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Prescribing Complexes The Highest Ideal of Cure Post 2

by Daniel on July 4th, 2011

Doctor, opposing the motion, argued that there was a place for singles and a place for complexes too: “horses for courses.” The use of complexes was common in continental Europe. Modern practitioners faced different problems from those faced by their predecessors: “physiologically and biochemically our problems are different from those which confronted us 200 years ago”.

Here it becomes evident that proponents of complexes are focused on the particular form of pathology from which their patients are suffering. A particular pathology, they feel, must require a particular remedy. This is in opposition to one of the central insights of the homeopathic tradition, which is that the nature of the pathology is less important than the nature of the patient.

This divergence from homeopathic thinking becomes even clearer as Doctor goes on to discuss “functional medicine”:

In many ways functional medicine, and that is how I see complex homoeopathy being used, has a great deal in common with conventional medicine. It learns from pathology and microbiology, it learns from organ function. For instance, let us take a case of rheumatoid arthritis in a person who has had a series of recurrent tonsillitis infections in their youth. You will look at this patient and you will say to yourself, `Well, this patient has a malar flush and they’ve got chronically enlarged tonsils. Somebody forgot to take the tonsils out . . . and I actually think they’ve probably got a streptococcal toxicity. That is probably what is wrong.’ Now a conventional doctor may well be able to make that link, make that diagnosis, but complexes actually give you a treatment handle.

Complexes: Curative, Palliative, or even Ineffectual?

One can only agree with Doctor that functional medicine and the use of complexes has a great deal in common with conventional medicine! The poor patient may well have been suffering from a streptococcal toxicity, but by focusing solely on that infection we entirely miss the wider picture. Is it not significant that this particular patient is prone to recurring problems of this kind? What is it about the internal environment of this particular patient that allows these infections to take root, and that prevents the normal immunological processes from dealing with them? (It is somewhat disconcerting to find someone in a homeopathic journal regarding amputation of part of the immune system as a normal treatment for recurring infection.)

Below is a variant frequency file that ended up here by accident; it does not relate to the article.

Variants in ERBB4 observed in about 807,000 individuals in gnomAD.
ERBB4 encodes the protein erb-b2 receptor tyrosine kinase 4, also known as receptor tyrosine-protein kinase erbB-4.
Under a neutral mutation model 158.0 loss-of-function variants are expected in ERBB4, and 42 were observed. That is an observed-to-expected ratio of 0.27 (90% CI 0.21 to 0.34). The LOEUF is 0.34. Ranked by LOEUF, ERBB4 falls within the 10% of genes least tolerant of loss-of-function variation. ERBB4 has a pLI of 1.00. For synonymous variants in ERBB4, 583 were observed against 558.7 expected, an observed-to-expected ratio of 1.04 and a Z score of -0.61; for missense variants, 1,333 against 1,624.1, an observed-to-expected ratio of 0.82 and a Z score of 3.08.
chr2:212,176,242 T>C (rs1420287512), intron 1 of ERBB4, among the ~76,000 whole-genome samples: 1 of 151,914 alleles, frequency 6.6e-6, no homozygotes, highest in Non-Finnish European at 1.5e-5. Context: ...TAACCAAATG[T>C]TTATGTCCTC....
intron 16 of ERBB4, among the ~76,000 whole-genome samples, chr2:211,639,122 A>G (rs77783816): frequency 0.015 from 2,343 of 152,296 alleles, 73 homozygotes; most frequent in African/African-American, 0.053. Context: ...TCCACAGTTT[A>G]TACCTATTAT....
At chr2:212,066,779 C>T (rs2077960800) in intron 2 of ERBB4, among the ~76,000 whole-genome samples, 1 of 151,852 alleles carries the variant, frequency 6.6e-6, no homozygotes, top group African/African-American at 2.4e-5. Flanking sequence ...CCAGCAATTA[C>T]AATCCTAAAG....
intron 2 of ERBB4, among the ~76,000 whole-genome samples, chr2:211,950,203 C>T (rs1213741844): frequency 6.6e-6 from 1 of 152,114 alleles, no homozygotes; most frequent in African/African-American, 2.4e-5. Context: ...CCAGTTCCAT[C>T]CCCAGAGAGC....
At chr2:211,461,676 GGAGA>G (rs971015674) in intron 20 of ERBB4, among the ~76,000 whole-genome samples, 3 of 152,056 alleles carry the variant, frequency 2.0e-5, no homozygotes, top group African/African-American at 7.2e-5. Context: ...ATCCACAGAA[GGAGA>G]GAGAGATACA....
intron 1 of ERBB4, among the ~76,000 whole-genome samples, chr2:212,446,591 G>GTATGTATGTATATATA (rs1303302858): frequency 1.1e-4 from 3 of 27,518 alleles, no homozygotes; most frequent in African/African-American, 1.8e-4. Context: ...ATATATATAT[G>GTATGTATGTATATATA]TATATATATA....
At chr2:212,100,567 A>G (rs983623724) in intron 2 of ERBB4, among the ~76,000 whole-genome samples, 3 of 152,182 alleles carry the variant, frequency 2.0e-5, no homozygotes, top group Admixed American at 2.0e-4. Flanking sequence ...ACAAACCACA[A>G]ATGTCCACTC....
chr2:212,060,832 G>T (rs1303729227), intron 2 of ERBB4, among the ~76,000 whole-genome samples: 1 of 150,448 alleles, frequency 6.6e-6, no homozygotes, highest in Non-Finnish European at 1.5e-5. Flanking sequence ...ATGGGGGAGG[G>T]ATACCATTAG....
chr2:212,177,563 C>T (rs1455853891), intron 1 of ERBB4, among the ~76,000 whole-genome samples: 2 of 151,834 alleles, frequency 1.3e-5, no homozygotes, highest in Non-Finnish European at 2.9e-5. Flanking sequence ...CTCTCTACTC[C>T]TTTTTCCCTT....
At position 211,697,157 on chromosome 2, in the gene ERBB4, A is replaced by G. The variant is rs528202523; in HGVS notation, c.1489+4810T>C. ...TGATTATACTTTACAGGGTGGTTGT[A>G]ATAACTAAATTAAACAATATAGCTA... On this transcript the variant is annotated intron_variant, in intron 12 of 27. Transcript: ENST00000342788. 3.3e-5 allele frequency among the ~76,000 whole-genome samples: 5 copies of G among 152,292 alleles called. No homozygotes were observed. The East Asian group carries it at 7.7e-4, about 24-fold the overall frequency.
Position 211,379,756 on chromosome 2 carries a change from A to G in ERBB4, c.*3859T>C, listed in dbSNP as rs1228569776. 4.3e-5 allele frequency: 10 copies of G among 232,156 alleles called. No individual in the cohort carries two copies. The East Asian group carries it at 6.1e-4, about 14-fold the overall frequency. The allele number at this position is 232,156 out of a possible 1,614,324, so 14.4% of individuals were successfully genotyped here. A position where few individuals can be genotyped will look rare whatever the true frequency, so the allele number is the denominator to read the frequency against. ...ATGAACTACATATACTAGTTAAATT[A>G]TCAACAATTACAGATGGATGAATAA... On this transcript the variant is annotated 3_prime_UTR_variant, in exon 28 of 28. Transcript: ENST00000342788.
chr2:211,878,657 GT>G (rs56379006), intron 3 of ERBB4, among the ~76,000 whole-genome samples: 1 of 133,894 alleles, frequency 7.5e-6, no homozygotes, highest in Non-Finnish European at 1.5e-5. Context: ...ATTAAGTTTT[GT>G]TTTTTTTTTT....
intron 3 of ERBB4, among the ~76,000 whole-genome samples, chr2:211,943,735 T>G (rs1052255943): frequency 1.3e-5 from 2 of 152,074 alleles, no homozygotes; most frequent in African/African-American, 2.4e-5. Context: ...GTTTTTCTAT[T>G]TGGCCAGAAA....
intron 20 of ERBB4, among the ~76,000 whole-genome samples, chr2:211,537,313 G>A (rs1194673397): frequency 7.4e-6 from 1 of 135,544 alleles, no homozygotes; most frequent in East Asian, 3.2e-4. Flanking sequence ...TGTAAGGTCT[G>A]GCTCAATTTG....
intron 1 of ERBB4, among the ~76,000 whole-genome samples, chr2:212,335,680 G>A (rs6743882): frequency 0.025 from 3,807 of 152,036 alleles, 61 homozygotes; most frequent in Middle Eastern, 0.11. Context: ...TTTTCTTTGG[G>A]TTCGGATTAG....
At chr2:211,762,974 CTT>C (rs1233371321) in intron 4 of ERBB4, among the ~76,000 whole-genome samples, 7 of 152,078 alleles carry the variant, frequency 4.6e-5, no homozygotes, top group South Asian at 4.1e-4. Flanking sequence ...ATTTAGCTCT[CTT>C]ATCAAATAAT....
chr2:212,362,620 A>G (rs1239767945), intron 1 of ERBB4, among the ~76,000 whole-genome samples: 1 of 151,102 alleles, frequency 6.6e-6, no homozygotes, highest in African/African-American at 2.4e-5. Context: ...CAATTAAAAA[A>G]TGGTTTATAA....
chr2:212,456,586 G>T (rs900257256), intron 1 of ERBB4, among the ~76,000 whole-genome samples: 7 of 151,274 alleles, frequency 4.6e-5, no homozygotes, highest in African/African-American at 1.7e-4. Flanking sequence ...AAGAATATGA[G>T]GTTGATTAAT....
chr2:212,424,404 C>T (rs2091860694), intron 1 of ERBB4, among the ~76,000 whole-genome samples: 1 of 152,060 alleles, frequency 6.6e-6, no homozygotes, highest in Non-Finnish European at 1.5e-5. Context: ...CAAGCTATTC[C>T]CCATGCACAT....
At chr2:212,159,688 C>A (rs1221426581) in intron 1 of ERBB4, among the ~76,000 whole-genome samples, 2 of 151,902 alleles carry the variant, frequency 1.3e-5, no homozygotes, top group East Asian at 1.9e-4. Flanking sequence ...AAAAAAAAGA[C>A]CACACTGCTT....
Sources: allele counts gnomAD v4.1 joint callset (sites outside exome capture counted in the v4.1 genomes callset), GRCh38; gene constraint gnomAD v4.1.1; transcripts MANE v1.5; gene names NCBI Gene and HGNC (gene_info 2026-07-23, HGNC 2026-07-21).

All of these questions, which are fundamental to understanding the case, are begged by the conventional approach. When homeopathy has opened out to us a wider perspective, why close down again to a narrower one? The living, breathing patient is nowhere to be found in this sort of analysis – he or she is merely the site for an interesting case of streptococcal toxicity.

There are other methodological deficiencies of treatment by complexes. While the medicines chosen by a particular company may be correlated to a certain extent with a particular clinical condition, the correlation will usually be a loose one. Perhaps 30% or 40% of patients may respond to one of the ingredients. But what then of the other 60% or 70%? They may end up by getting little or nothing out of the treatment. This is the problem with the shotgun approach. And will the response be curative or palliative? Even if 60% to 70% of patients respond in some way to the complex, then 30% to 40% are still left out, whereas 100% of patients will respond to their indicated single remedy, and furthermore they will be cured.

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